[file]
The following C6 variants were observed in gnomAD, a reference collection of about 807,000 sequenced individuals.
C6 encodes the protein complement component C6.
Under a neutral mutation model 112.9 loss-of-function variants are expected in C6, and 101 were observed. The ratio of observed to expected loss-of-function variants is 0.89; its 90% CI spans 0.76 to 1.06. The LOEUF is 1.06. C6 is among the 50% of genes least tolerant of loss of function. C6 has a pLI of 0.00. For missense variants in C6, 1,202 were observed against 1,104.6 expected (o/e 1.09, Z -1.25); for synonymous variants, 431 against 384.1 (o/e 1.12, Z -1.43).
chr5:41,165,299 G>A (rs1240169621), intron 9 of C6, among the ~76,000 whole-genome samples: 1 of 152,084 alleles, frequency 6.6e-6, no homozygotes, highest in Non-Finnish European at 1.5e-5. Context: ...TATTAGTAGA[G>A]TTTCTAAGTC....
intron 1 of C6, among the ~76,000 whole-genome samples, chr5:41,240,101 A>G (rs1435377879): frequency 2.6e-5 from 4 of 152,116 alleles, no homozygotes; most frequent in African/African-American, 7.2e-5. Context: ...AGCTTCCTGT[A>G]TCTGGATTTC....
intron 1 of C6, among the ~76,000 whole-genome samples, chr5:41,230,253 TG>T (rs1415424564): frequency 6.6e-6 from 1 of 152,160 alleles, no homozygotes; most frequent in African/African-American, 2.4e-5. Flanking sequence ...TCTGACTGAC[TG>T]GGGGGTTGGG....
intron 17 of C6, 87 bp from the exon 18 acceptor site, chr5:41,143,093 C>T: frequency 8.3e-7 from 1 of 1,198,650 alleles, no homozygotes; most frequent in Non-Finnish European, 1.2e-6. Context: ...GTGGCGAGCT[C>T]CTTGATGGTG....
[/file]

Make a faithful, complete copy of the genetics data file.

The following C6 variants were observed in gnomAD, a reference collection of about 807,000 sequenced individuals.
C6 encodes the protein complement component C6.
Under a neutral mutation model 112.9 loss-of-function variants are expected in C6, and 101 were observed. The ratio of observed to expected loss-of-function variants is 0.89; its 90% CI spans 0.76 to 1.06. The LOEUF is 1.06. C6 is among the 50% of genes least tolerant of loss of function. C6 has a pLI of 0.00. For missense variants in C6, 1,202 were observed against 1,104.6 expected (o/e 1.09, Z -1.25); for synonymous variants, 431 against 384.1 (o/e 1.12, Z -1.43).
chr5:41,165,299 G>A (rs1240169621), intron 9 of C6, among the ~76,000 whole-genome samples: 1 of 152,084 alleles, frequency 6.6e-6, no homozygotes, highest in Non-Finnish European at 1.5e-5. Context: ...TATTAGTAGA[G>A]TTTCTAAGTC....
intron 1 of C6, among the ~76,000 whole-genome samples, chr5:41,240,101 A>G (rs1435377879): frequency 2.6e-5 from 4 of 152,116 alleles, no homozygotes; most frequent in African/African-American, 7.2e-5. Context: ...AGCTTCCTGT[A>G]TCTGGATTTC....
intron 1 of C6, among the ~76,000 whole-genome samples, chr5:41,230,253 TG>T (rs1415424564): frequency 6.6e-6 from 1 of 152,160 alleles, no homozygotes; most frequent in African/African-American, 2.4e-5. Flanking sequence ...TCTGACTGAC[TG>T]GGGGGTTGGG....
intron 17 of C6, 87 bp from the exon 18 acceptor site, chr5:41,143,093 C>T: frequency 8.3e-7 from 1 of 1,198,650 alleles, no homozygotes; most frequent in Non-Finnish European, 1.2e-6. Context: ...GTGGCGAGCT[C>T]CTTGATGGTG....